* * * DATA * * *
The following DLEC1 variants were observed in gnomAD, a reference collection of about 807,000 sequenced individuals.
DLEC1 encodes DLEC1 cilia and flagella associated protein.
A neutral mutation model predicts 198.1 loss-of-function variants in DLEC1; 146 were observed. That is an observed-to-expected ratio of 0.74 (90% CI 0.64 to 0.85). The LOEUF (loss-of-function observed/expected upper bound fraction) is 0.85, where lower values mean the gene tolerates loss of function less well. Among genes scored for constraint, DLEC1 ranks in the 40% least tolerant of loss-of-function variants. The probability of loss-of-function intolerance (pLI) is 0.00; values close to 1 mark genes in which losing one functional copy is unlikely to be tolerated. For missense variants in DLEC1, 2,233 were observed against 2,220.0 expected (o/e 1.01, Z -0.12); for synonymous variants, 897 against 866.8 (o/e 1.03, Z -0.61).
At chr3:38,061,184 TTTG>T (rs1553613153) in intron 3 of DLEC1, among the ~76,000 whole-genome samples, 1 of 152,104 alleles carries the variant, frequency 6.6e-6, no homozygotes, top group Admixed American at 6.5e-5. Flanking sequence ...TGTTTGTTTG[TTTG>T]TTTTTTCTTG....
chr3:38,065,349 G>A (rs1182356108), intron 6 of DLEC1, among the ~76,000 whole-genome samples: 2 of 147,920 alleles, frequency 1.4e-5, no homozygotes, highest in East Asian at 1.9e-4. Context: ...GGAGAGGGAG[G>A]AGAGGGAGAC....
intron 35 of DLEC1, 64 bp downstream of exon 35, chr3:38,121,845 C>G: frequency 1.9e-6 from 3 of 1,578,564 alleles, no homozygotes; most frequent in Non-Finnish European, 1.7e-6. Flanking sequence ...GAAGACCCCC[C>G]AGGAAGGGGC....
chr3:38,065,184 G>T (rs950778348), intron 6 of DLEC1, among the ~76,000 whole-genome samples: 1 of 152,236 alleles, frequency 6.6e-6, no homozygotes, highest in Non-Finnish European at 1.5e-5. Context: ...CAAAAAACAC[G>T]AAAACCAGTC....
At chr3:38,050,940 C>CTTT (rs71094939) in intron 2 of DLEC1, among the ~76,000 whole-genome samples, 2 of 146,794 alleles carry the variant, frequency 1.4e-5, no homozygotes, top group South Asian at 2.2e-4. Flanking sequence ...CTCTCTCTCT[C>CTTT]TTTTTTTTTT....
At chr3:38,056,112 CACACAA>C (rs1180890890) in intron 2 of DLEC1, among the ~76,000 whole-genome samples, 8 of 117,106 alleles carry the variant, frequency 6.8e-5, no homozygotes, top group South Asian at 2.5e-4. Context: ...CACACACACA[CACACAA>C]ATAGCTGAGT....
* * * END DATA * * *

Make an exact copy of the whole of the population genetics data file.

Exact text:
The following DLEC1 variants were observed in gnomAD, a reference collection of about 807,000 sequenced individuals.
DLEC1 encodes DLEC1 cilia and flagella associated protein.
A neutral mutation model predicts 198.1 loss-of-function variants in DLEC1; 146 were observed. That is an observed-to-expected ratio of 0.74 (90% CI 0.64 to 0.85). The LOEUF (loss-of-function observed/expected upper bound fraction) is 0.85, where lower values mean the gene tolerates loss of function less well. Among genes scored for constraint, DLEC1 ranks in the 40% least tolerant of loss-of-function variants. The probability of loss-of-function intolerance (pLI) is 0.00; values close to 1 mark genes in which losing one functional copy is unlikely to be tolerated. For missense variants in DLEC1, 2,233 were observed against 2,220.0 expected (o/e 1.01, Z -0.12); for synonymous variants, 897 against 866.8 (o/e 1.03, Z -0.61).
At chr3:38,061,184 TTTG>T (rs1553613153) in intron 3 of DLEC1, among the ~76,000 whole-genome samples, 1 of 152,104 alleles carries the variant, frequency 6.6e-6, no homozygotes, top group Admixed American at 6.5e-5. Flanking sequence ...TGTTTGTTTG[TTTG>T]TTTTTTCTTG....
chr3:38,065,349 G>A (rs1182356108), intron 6 of DLEC1, among the ~76,000 whole-genome samples: 2 of 147,920 alleles, frequency 1.4e-5, no homozygotes, highest in East Asian at 1.9e-4. Context: ...GGAGAGGGAG[G>A]AGAGGGAGAC....
intron 35 of DLEC1, 64 bp downstream of exon 35, chr3:38,121,845 C>G: frequency 1.9e-6 from 3 of 1,578,564 alleles, no homozygotes; most frequent in Non-Finnish European, 1.7e-6. Flanking sequence ...GAAGACCCCC[C>G]AGGAAGGGGC....
chr3:38,065,184 G>T (rs950778348), intron 6 of DLEC1, among the ~76,000 whole-genome samples: 1 of 152,236 alleles, frequency 6.6e-6, no homozygotes, highest in Non-Finnish European at 1.5e-5. Context: ...CAAAAAACAC[G>T]AAAACCAGTC....
At chr3:38,050,940 C>CTTT (rs71094939) in intron 2 of DLEC1, among the ~76,000 whole-genome samples, 2 of 146,794 alleles carry the variant, frequency 1.4e-5, no homozygotes, top group South Asian at 2.2e-4. Flanking sequence ...CTCTCTCTCT[C>CTTT]TTTTTTTTTT....
At chr3:38,056,112 CACACAA>C (rs1180890890) in intron 2 of DLEC1, among the ~76,000 whole-genome samples, 8 of 117,106 alleles carry the variant, frequency 6.8e-5, no homozygotes, top group South Asian at 2.5e-4. Context: ...CACACACACA[CACACAA>C]ATAGCTGAGT....